In an exclusive column for Goal.com, the European football writer backs the reigning champions to come good, despite a less-than-convincing performance in the group stage
They say they aren't worried. They insist everything is fine. They assure us they will get stronger as the tournament wears on. Will they? Spain sounds bullish by insisting that its glass is half-full. They trot out the usual litany of statistics: nobody has scored more, nobody has conceded less, nobody has taken more shots on goal and, of course, nobody has enjoyed a greater share of possession (that last one, of course, is thoroughly unsurprising).
So do we believe them after three games which included one average display against Italy, one good one, albeit against a horrible opponent like Republic of Ireland, and a decidedly poor one against Croatia? Yes. At least, I do. And you should too.
Because we have reached the knockout phase of the Euros, you would be a fool to say Spain is the definite winner: in do-or-die situations like this, where the fate of a campaign rests in 90 minutes, the best side does not always win. But make no mistake about it, Spain is the best team here. And, what's more, it has several levels they can yet go to.
We can sit and debate who should play up front - whether Fernando Torres, Fernando Llorente, Alvaro Negredo or Cesc Fabregas - but the reality is that Fernando from that ABBA song could lead the line and Spain would still be favorite against anyone.
"Fernando from that ABBA song could lead the line and
Spain would still be favorite against anyone"
Yes, Vicente Del Bosque needs to find the right combination. But he’s had three games in which to do it and, you would presume, he has learned something along the way. Against certain opponents it may be Torres. Against others, Cesc and the striker-less system. Against others still you go with the big man, Llorente. The point is that even if he puts the wrong guy out there, there’s always a Plan B. And a Plan C, for that matter. Probably Plans D through F too.
Besides, all the focus on the attack is also a function of the fact that most of the rest of the squad is falling into place nicely.
The creative bits of the midfield, of course, never needed much tweaking. But Xabi Alonso has found his space, a few yards ahead of Sergio Busquets, meaning the tandem of holding midfielders which sat so deep - almost comically so - against Italy is no more.
Sergio Ramos is his usual beast-like self, Iker Casillas reminded us why he’s one of the top three in the world and Gerard Pique is back to the 2010-11 model.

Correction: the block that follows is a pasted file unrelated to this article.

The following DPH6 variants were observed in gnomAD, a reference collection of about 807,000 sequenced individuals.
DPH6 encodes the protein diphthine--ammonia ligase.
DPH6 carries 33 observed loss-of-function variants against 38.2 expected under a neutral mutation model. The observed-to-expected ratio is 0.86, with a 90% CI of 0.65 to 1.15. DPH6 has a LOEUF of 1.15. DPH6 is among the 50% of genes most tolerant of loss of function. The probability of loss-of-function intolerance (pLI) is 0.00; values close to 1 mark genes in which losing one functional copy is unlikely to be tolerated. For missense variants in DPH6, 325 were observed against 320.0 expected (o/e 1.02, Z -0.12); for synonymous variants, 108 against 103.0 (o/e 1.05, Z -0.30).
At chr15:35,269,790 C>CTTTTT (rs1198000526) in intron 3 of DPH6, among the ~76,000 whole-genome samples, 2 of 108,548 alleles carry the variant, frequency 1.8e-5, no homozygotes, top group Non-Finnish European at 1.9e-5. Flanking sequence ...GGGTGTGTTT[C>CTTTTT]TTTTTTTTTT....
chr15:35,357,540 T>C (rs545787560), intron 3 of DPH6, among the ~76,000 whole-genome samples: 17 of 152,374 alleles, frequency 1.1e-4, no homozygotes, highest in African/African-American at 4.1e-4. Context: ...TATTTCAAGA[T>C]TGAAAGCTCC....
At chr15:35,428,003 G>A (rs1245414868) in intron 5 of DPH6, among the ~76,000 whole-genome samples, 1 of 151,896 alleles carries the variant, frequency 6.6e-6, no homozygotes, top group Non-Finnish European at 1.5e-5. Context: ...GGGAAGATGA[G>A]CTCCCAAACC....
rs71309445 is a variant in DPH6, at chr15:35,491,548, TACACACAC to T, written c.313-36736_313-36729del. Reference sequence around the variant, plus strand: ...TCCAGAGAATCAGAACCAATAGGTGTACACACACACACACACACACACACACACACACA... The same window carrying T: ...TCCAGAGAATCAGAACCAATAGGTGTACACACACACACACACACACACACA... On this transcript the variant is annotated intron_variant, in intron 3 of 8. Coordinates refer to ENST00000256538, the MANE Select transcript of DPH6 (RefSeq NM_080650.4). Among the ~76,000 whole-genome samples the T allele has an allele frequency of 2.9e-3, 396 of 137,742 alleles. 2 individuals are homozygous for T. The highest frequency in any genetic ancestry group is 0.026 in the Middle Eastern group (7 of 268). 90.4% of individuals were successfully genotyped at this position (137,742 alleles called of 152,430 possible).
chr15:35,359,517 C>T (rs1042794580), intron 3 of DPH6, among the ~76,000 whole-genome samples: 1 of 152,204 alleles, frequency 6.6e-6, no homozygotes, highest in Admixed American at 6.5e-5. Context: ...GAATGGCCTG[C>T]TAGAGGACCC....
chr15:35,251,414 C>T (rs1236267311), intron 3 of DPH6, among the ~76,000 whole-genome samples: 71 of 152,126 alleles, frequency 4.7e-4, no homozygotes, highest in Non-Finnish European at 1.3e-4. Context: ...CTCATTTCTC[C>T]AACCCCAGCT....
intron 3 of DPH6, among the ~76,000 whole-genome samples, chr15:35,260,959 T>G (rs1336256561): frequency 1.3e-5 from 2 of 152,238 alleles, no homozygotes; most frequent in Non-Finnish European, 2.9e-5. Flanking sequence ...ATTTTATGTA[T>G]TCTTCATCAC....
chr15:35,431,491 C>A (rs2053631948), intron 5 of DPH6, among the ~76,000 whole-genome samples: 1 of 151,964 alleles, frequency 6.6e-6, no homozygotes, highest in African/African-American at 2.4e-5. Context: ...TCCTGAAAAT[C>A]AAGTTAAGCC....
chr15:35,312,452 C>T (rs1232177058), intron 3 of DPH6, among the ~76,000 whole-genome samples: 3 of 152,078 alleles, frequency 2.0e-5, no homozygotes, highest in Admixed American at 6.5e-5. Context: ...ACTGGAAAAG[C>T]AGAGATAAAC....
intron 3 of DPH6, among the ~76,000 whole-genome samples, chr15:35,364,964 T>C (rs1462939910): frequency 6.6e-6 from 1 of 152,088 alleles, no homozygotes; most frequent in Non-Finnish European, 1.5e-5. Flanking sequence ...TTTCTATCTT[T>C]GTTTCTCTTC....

Jordi Alba is growing nicely on the left flank, and, while Alvaro Arbeloa is still Alvaro Arbeloa, doing his wind-up soldier act with little quality shtick down the right, at least he doesn't do any defensive damage. Iron out those last two kinks and Spain will be just fine.
The good news is that the sparring partners on the way to the final in Kiev look a soft touch. France is coming off an ugly defeat to Sweden and a post-match dressing room bust up, of the kind that made you fear Laurent Blanc had an attack of the Domenechs. It's not quite that bad, but not enough to worry Spain.
Next up would be either the Czechs or, more likely, Portugal. And, sure, you can suspend disbelief and imagine Petr Cech saving everything in sight while Petr Jiracek invents something out of nothing and Milan Baros rolls back the years.
Or Cristiano Ronaldo turning into a one-man wrecking crew and carrying Portugal on his back while Pepe and Bruno Alves scare the pants off Spain at the other end. But let's be realistic here. Cech will be the busiest guy on the pitch, Jiracek might see very little of the ball and there's a reason why Baros was in and out of the starting lineup at Galatasaray.
"Maybe Greece have another miracle in them and . . . actually, scratch that. This is soccer, not sci-fi"
As for Ronaldo, bear in mind that most of this Spain team sees him week in, week out: if anyone has the right kind of kryptonite, they do.
And the final? Well, that could be different. Germany could exact some revenge for 2008 and 2010, especially if Spain lets it counterattack. Or maybe Italy will repeat the feat of the opener, only with better finishing. Or perhaps - why not? - it will be England whose banks of four choke the tiki-taka out of La Roja.
Or maybe Greece have another miracle in them and . . . actually, scratch that. This is soccer, not sci-fi.
The point remains. Against most opponents, Spain doesn’t need to come up with anything out of the ordinary, it just has to execute.
And that is what it has been doing, with such ease in fact, that it's been quietly growing in other departments. It's set the bar so high, sometimes it doesn’t reach it. But, don’t forget, it's still jumping higher than everyone else. And, with every jump, it improves.
Gabriele Marcotti is a correspondent for The Times and a regular writer for Italian publications Corriere dello Sport and La Stampa. He is also a regular guest on British radio station talkSPORT, as well as ESPN's 'Press Pass' television show. Marcotti has also written three books; 'Paolo Di Canio: The Autobiography', 'The Italian Job with Gianluca Vialli' and 'Capello: Portrait of a Winner'.